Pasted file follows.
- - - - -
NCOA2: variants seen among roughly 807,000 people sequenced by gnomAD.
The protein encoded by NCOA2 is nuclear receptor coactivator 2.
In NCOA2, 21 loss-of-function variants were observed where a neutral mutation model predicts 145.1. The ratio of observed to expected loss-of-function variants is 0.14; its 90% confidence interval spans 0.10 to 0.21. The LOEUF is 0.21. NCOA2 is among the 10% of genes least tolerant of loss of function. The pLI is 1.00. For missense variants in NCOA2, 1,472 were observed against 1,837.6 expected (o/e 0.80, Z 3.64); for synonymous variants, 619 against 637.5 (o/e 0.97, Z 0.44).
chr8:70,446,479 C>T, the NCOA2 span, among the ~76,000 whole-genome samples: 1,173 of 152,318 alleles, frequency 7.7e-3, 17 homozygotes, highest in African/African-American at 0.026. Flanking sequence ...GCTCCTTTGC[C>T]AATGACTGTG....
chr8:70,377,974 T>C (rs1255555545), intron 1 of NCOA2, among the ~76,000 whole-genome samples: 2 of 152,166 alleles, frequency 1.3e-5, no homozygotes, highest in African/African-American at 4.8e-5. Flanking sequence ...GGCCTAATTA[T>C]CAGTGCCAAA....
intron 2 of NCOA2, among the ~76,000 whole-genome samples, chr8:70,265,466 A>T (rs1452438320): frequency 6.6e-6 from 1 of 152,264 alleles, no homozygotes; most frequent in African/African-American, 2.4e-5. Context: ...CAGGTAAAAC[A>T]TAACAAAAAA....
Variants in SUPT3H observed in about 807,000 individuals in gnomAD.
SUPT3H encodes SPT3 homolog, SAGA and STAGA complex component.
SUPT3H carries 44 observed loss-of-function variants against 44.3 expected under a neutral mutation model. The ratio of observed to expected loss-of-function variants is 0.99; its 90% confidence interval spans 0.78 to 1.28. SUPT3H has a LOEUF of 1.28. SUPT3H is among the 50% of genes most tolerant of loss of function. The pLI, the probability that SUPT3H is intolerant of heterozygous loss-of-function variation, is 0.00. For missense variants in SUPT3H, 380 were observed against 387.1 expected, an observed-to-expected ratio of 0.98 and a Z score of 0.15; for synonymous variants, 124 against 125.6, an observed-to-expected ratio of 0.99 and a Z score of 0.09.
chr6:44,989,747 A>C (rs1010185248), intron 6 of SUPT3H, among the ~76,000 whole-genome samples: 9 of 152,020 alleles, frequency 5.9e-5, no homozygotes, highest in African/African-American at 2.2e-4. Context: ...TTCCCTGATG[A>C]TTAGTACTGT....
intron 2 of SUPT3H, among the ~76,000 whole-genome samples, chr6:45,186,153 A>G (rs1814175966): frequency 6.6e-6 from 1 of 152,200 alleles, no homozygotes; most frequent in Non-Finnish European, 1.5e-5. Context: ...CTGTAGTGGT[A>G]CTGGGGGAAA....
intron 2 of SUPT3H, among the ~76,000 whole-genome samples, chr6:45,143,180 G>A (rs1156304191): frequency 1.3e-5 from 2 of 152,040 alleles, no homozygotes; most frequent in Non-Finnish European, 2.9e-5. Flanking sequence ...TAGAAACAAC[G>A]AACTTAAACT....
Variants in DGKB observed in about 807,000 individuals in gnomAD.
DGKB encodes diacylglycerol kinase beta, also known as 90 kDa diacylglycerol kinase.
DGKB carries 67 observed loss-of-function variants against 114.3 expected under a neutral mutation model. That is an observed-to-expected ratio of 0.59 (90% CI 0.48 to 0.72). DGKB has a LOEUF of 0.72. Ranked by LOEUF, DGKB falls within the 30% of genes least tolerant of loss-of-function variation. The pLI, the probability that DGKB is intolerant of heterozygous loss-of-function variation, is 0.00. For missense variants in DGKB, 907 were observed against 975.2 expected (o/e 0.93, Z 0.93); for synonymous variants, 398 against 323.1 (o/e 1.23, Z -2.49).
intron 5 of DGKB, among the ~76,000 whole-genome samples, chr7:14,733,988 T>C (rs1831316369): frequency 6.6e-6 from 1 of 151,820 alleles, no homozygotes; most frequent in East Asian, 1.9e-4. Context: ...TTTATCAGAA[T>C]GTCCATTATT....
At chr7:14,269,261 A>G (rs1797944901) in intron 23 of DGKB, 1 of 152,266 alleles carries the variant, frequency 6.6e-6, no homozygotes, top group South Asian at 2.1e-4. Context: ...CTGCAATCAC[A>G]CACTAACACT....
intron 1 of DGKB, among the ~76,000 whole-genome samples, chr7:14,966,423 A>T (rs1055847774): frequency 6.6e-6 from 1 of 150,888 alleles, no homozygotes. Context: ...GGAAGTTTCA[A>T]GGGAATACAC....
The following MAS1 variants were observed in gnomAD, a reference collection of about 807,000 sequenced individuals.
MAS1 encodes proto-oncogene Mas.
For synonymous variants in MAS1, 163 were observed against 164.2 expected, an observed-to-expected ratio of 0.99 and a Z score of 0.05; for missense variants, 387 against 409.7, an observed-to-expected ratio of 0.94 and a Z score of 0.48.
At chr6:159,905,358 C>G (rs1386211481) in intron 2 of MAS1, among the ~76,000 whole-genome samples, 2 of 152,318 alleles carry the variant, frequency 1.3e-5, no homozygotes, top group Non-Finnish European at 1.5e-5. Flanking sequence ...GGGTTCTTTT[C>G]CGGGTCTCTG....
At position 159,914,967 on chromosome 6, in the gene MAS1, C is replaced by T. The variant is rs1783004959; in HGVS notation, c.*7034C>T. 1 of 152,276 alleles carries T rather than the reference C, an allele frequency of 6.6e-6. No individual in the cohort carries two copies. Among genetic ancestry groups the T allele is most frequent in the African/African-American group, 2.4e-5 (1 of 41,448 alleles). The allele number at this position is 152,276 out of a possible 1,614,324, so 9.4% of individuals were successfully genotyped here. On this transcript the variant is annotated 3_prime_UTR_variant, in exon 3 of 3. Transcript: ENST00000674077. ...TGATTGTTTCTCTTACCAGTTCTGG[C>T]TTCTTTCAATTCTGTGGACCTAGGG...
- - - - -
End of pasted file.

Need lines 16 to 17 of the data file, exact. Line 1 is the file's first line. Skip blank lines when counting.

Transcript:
intron 5 of DGKB, among the ~76,000 whole-genome samples, chr7:14,733,988 T>C (rs1831316369): frequency 6.6e-6 from 1 of 151,820 alleles, no homozygotes; most frequent in East Asian, 1.9e-4. Context: ...TTTATCAGAA[T>C]GTCCATTATT....
At chr7:14,269,261 A>G (rs1797944901) in intron 23 of DGKB, 1 of 152,266 alleles carries the variant, frequency 6.6e-6, no homozygotes, top group South Asian at 2.1e-4. Context: ...CTGCAATCAC[A>G]CACTAACACT....